The specific gravity is read by using a hydrometer that either floats in the aquarium or has a floating lever in a hand-held device. For most aquarium purposes, these readings are accurate enough, but if really accurate readings are required, the user will have to use either a Salinity/Conductivity meter or a Refractometer. While these may read in specific gravity, they are more likely to read in parts per thousands (35 ppt = 1.026 S.G.) or in MicroSeimens, possibly requiring a conversion table. Since the salinity will rise as water evaporates, it is important to top off the aquarium with pure water and test the salinity frequently to maintain a constant environment. Before a partial water change it is best to mix up any new salt water for a day with aeration to ensure that the salinity level is correct for the aquarium. The user may even have to place a submersible heater in the mixing container to get the water to the proper temperature. With a larger mixing container, it may be best to use a submersible pump and flexible tubing to pump the new water to the aquarium.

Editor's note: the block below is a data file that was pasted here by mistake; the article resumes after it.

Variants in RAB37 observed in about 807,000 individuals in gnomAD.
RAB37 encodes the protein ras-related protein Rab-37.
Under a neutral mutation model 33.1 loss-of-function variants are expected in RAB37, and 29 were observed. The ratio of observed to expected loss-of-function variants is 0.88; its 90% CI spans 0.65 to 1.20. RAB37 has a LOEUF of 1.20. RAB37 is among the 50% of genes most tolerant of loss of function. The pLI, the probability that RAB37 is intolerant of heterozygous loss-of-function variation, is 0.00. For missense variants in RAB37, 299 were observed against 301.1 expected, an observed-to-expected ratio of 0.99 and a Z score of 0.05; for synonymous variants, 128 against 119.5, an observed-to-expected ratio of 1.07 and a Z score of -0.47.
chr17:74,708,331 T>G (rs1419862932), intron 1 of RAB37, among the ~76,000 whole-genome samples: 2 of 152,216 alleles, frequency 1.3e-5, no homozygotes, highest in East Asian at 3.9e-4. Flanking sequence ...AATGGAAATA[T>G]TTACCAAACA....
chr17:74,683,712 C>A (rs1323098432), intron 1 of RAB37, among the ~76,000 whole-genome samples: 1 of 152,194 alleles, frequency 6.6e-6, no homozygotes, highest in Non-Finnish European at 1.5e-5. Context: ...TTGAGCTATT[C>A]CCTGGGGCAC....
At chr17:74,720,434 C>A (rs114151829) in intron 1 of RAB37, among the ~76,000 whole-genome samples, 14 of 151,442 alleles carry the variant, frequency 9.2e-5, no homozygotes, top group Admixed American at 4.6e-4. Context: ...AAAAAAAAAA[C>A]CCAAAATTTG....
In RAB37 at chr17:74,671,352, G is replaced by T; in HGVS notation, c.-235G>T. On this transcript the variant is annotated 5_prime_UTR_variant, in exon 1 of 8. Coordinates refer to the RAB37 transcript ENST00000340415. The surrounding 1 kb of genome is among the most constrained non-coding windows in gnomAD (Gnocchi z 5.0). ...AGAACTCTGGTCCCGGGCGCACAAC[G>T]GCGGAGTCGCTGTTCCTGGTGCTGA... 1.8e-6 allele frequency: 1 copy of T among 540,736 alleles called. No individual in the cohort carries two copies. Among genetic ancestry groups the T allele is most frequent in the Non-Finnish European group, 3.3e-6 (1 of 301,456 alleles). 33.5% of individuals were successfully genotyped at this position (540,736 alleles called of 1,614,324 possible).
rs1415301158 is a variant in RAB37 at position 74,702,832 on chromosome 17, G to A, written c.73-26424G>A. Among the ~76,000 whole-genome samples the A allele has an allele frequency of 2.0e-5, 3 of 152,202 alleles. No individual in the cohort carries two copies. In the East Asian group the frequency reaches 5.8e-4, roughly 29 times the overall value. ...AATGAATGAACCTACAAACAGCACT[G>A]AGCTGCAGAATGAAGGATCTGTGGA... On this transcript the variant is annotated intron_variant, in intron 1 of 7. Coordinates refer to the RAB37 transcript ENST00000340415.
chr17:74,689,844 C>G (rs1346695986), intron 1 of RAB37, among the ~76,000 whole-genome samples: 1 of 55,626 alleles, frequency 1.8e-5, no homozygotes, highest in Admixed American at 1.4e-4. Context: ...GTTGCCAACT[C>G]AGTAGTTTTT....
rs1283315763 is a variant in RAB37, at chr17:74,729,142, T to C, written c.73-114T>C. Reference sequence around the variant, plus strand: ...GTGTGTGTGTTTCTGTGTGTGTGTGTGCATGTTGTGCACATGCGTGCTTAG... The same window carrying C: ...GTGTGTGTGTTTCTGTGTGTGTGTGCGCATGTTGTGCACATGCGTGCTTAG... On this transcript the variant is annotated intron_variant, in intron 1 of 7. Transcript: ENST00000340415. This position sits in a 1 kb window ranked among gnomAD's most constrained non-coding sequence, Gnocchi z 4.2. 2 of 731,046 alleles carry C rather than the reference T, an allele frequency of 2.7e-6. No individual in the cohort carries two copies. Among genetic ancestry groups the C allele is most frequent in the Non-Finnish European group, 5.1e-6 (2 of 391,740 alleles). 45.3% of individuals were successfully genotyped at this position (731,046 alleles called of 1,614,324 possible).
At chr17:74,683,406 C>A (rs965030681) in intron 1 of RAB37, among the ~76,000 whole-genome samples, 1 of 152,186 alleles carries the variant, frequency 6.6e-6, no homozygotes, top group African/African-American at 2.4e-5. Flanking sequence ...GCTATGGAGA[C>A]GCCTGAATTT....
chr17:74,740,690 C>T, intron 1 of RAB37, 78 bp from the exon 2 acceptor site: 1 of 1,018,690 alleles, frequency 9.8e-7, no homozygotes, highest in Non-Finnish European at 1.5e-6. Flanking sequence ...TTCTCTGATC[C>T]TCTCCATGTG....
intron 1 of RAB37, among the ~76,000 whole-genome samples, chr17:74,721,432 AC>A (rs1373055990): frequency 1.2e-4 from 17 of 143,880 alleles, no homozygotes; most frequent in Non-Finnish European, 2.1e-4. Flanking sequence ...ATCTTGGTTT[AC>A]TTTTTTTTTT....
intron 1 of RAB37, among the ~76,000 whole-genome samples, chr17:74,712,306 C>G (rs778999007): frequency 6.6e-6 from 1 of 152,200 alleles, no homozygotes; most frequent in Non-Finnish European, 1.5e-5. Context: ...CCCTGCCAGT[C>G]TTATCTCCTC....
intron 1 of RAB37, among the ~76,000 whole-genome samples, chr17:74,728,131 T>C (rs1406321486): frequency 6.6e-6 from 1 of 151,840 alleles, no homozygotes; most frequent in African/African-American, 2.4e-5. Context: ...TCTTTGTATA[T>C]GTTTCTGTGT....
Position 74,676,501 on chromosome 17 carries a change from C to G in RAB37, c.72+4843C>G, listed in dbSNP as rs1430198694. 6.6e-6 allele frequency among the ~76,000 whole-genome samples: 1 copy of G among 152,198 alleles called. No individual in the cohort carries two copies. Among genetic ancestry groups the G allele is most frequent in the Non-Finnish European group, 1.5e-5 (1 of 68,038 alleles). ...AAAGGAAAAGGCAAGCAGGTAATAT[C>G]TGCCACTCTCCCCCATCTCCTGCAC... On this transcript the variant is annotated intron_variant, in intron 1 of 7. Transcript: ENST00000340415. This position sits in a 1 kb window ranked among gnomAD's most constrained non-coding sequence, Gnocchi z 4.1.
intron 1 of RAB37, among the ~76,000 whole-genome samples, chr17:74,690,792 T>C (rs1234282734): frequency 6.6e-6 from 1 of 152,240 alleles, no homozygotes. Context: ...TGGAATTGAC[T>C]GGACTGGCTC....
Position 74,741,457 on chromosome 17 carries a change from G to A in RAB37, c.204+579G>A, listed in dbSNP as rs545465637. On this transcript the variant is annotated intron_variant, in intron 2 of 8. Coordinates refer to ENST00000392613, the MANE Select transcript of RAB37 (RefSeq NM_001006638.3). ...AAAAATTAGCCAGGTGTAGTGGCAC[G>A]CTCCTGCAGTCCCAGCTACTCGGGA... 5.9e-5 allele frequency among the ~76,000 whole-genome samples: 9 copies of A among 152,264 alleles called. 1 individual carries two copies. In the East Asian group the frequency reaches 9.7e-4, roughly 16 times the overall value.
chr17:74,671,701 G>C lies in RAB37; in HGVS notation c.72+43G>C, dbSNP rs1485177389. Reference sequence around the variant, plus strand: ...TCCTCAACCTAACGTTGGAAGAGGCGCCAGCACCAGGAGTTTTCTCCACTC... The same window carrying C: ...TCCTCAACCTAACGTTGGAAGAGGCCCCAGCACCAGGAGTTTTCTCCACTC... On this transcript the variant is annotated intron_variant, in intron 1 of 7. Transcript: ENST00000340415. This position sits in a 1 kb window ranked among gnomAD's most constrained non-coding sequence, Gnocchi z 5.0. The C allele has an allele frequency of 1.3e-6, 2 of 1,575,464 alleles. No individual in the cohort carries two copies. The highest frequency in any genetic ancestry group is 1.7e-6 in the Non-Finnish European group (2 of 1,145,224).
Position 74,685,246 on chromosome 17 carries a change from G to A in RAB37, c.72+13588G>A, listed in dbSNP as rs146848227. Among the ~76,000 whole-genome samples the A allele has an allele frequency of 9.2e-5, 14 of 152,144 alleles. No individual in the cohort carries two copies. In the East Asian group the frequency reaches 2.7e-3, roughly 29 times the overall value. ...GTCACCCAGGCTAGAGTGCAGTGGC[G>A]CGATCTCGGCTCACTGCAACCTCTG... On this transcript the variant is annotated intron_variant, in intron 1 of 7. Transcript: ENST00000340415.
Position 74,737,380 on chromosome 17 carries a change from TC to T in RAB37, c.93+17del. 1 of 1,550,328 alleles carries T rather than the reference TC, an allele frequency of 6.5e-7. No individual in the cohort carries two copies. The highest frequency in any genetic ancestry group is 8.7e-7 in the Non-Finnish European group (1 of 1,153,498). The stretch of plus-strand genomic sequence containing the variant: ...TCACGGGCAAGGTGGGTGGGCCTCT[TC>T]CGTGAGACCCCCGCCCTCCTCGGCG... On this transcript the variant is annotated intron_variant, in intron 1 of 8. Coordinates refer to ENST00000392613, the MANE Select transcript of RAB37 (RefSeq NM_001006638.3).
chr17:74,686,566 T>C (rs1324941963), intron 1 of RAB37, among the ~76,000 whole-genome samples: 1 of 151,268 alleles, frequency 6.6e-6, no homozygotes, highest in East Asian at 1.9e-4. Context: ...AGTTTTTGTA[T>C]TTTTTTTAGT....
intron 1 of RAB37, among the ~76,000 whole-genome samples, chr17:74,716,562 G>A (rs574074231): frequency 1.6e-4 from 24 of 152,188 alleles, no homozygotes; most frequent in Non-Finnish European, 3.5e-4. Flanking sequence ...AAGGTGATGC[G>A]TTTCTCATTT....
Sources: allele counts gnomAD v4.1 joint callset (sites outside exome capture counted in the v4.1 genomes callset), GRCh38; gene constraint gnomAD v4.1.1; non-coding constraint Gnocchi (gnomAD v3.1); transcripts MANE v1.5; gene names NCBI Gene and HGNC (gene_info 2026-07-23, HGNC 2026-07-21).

During the initial break-in period for the aquarium, it will be important to measure for ammonia and nitrite (please see article on Cycling the Aquarium). Once this period is over, these two readings should be as close to 0.0 PPM as possible. Check these levels once a month, or whenever the fish/corals look stressed. Any time an antibiotic is added to the aquarium, there is a good chance that the biological filtration will be damaged and these two levels may rise temporarily. If so, the fish can be protected by the addition of AmQuel or Ammo Lock and/or partial water changes.